Muckilly Gog

Luke and his younger brother Josh have lived in fear of their father ever since he moved back in. Their father is an alcoholic with a raging temper, which often leads him to physical violence, particularly when he is hungover.

Luke used to be worried for himself, but now it's Josh he is afraid for. His five-year-old brother is at home most days with their Mum while Dad recovers from the night before.

But Josh seems to have a friend to escape to, an imaginary creature called Muckilly Gog. At first it seems harmless, and then Josh starts to do lots of strange and badly behaved things, and blames his imaginary friend...


1. Living in Fear

Muckilly Gog first came into our lives the summer Dad came back to live with us. I didn’t pay a lot of attention or worry much at first. I was too busy being really worried about Dad.

A lot of people later on tried to blame Mum for letting him move back in. I was sort-of angry with her too, but mostly I was angry with the government and the economy and all the people who wouldn’t give her a proper job. Because I understood what it was like to be poor all the time. It was my life, too. Never being able to have the clothes or the shoes everyone else had, or to have sweets or takeaways after school.  

I also know it was worse for Mum than it was for us. By the time I was fourteen, just before Dad came back, I understood the tight look on her face when a bill or a bank statement came through the door, and how she would put it aside for later because she was terrified. Sometimes, if she wasn’t working that day, it’d still be there when I got back from school, and she’d be rushing round the kitchen trying to ignore it with the panic bigger and bigger.

So even though Dad drank half of what he earned, and even though sometimes a monster seemed to borrow his face, and came at us wild-eyed and frothing and awful, I couldn’t blame her. She’d just given in, really, after all his begging and pleading, wanting to believe he’d changed so she could let him smile and pick up the bills and tell her not to worry.

But I was still afraid of him. When I was little, it used to be all fear for myself. I used to actually want my mum to make him angry, because then at least he would only hurt her. That’s the horrible thing about being frightened all the time. It makes you selfish and heartless.

But after he moved out, we had four years of peace and quiet. I was one of the bigger ones in my year and played a lot of football. When he came back, I wasn’t so frightened for me. I mean, I still shook when I realised something I’d done had annoyed him. There was this slow turn of the head he’d do which made me feel sick. But at least I knew I could outrun him if I really needed to. I was more frightened for Mum, and I frightened for Joshua most of all.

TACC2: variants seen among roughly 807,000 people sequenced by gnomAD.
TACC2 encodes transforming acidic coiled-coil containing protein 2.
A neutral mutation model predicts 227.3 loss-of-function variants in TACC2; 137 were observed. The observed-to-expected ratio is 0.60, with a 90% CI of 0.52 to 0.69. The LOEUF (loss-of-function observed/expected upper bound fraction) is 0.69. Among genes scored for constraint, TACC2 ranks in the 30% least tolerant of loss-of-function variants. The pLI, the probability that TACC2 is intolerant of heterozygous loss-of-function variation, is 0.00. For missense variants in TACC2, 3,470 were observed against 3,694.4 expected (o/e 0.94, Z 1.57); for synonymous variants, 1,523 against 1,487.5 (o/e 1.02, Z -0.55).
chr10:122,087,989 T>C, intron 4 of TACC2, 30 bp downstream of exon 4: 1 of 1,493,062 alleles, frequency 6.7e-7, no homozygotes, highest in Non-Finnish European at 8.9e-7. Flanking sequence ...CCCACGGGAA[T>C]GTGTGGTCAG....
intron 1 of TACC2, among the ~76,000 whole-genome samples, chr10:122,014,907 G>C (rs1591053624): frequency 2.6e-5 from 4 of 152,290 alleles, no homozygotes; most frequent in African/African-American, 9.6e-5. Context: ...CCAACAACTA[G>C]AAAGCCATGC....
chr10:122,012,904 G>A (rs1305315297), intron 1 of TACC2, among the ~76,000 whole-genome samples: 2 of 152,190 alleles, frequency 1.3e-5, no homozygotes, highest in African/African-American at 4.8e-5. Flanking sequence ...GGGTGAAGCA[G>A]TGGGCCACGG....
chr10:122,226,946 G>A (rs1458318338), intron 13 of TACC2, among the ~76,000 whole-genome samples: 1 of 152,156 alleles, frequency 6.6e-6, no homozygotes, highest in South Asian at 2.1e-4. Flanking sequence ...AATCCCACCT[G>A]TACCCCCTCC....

Being nearly five is not good when your Dad sometimes goes on benders which last days, not caring if he turns up to work drunk and in yesterday’s clothes. At nearly five, Joshua was helpless, and worse, he wasn’t at school all day. Josh only had a childminder half-days when Mum worked cleaning. She wouldn’t have been able to afford that if it hadn’t been for a new childcare scheme which was the only thing she thought the government had done right.

But the rest of the time, when Mum wasn’t at work, Josh was at home with her. In the mornings, she tried to get him out of the house, out of Dad’s way. Dad worked as evening shift manager at one of the city-centre pubs and he’d usually have drunk six or seven pints in that time, then stayed out for a few more before rolling in at 3 or 4. That time was dangerous, but so was the morning after, when he’d have a fierce hangover and be simmering away with anger.

Mum couldn’t always take Josh out, though. Sometimes she was too exhausted, or the weather was too much for Josh, or she’d need to do laundry and mend clothes and clean the house.

Every day I would feel a squeeze in my stomach as I left the house. Josh would usually give me a hug, but he wouldn’t screech and ask for a tickle any more. He’d learned to keep quiet in the morning, even if later, when Dad had a few drinks in him and had eaten enough, he’d play in the garden with him like a proper Dad or set up his Scalextrix on the living room floor.

Dad moved back in at the beginning of May, and by June Josh had changed. He wasn’t the little monster he’d been. He was quieter, more watchful. It was then that he first mentioned Muckilly Gog.